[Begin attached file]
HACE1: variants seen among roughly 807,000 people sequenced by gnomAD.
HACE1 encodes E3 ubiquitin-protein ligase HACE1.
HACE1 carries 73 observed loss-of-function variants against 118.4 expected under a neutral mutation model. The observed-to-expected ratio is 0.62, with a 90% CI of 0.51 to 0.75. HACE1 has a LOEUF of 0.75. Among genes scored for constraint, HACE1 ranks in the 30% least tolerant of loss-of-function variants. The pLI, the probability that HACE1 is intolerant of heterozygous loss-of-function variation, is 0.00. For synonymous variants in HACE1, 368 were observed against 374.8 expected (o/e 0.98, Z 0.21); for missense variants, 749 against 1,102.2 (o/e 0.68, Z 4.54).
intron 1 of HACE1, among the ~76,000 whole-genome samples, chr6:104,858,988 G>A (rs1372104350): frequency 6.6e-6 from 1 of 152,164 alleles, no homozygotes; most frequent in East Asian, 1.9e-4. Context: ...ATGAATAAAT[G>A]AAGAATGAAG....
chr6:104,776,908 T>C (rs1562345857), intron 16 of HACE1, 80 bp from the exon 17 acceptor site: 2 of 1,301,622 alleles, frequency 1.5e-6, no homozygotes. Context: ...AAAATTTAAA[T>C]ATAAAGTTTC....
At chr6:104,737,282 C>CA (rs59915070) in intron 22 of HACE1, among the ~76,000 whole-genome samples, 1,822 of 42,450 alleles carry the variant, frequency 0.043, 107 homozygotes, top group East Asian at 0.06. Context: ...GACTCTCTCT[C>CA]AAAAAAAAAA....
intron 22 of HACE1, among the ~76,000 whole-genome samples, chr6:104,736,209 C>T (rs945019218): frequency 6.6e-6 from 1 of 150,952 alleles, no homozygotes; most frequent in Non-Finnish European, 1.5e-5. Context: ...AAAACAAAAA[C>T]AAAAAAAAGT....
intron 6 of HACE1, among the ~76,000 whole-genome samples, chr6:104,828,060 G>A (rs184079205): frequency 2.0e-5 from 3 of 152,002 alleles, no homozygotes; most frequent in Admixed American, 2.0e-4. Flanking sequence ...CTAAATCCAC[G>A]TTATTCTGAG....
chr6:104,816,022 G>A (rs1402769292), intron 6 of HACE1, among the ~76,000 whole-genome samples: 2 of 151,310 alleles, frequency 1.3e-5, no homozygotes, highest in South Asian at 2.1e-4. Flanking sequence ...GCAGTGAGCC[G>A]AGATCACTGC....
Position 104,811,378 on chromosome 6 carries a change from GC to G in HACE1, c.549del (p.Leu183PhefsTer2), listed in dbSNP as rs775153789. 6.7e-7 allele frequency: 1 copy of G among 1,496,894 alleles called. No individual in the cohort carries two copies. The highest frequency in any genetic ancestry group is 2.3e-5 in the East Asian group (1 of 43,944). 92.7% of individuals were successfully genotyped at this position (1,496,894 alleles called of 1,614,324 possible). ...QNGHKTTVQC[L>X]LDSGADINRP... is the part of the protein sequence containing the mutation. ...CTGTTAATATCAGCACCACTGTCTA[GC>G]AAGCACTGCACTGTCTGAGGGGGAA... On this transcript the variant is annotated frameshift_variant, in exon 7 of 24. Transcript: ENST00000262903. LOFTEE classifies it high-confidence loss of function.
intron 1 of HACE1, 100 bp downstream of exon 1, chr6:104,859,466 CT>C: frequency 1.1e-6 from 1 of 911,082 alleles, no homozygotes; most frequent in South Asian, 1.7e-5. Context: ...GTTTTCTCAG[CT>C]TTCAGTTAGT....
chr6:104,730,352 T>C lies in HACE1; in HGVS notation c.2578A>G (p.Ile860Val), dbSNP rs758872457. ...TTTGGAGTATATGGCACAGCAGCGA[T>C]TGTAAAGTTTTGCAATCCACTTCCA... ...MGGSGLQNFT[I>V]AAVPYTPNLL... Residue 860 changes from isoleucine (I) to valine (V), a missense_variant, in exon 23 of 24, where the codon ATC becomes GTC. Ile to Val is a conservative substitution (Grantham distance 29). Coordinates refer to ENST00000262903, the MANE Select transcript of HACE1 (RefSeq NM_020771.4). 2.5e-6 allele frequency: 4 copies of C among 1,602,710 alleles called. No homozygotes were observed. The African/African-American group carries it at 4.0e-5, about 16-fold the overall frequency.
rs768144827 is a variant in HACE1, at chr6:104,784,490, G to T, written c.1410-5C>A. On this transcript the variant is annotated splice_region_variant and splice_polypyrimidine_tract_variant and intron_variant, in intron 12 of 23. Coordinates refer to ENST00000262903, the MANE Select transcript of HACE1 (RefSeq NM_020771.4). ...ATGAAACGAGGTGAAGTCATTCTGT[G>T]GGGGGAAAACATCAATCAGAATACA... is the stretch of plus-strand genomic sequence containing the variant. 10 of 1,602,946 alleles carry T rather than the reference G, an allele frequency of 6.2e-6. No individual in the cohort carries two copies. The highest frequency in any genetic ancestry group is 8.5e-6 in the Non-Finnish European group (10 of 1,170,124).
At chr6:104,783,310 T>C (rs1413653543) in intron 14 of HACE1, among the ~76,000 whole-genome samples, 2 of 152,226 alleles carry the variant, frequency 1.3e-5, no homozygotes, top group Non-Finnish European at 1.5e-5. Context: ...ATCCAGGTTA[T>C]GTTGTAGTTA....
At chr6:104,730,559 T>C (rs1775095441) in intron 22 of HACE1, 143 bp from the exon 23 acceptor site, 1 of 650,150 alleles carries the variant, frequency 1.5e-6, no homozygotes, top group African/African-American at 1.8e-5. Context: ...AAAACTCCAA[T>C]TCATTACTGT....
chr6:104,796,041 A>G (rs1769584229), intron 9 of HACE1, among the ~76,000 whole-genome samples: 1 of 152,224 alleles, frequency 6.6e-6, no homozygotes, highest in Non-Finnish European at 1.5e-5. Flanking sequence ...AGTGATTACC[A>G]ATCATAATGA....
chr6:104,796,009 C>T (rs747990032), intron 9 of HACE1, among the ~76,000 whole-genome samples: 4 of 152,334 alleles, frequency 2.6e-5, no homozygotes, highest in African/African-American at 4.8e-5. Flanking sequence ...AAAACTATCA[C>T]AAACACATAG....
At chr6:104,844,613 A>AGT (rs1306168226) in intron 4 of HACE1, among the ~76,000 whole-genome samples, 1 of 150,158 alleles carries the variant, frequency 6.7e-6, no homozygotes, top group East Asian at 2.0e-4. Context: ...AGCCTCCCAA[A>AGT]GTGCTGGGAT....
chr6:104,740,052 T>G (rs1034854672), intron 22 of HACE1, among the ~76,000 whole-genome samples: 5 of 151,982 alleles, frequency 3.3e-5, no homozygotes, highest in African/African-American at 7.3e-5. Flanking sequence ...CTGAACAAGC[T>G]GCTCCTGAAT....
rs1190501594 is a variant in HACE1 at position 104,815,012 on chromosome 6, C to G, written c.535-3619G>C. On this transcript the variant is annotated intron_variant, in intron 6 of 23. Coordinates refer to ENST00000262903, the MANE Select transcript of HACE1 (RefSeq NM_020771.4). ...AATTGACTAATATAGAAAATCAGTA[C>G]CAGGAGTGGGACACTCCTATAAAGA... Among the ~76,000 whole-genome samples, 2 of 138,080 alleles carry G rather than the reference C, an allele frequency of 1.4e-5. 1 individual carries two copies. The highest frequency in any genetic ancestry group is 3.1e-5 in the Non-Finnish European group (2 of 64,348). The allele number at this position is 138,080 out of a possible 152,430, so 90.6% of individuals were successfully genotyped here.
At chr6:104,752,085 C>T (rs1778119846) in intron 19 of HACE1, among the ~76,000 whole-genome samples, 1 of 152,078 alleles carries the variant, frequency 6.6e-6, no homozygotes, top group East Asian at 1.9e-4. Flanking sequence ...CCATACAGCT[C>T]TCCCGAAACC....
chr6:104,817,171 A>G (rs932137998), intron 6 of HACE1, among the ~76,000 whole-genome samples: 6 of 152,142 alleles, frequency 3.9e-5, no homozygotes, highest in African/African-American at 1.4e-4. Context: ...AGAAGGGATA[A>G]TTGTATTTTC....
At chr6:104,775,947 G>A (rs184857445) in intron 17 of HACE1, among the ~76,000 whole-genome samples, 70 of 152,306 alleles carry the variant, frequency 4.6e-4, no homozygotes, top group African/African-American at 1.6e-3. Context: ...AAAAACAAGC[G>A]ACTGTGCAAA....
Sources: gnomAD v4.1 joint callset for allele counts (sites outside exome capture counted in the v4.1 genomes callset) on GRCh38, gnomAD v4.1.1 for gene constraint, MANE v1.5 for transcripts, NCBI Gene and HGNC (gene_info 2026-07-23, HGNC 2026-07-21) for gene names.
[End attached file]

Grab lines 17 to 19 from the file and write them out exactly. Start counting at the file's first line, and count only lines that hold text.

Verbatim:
chr6:104,796,009 C>T (rs747990032), intron 9 of HACE1, among the ~76,000 whole-genome samples: 4 of 152,334 alleles, frequency 2.6e-5, no homozygotes, highest in African/African-American at 4.8e-5. Flanking sequence ...AAAACTATCA[C>T]AAACACATAG....
At chr6:104,844,613 A>AGT (rs1306168226) in intron 4 of HACE1, among the ~76,000 whole-genome samples, 1 of 150,158 alleles carries the variant, frequency 6.7e-6, no homozygotes, top group East Asian at 2.0e-4. Context: ...AGCCTCCCAA[A>AGT]GTGCTGGGAT....
chr6:104,740,052 T>G (rs1034854672), intron 22 of HACE1, among the ~76,000 whole-genome samples: 5 of 151,982 alleles, frequency 3.3e-5, no homozygotes, highest in African/African-American at 7.3e-5. Flanking sequence ...CTGAACAAGC[T>G]GCTCCTGAAT....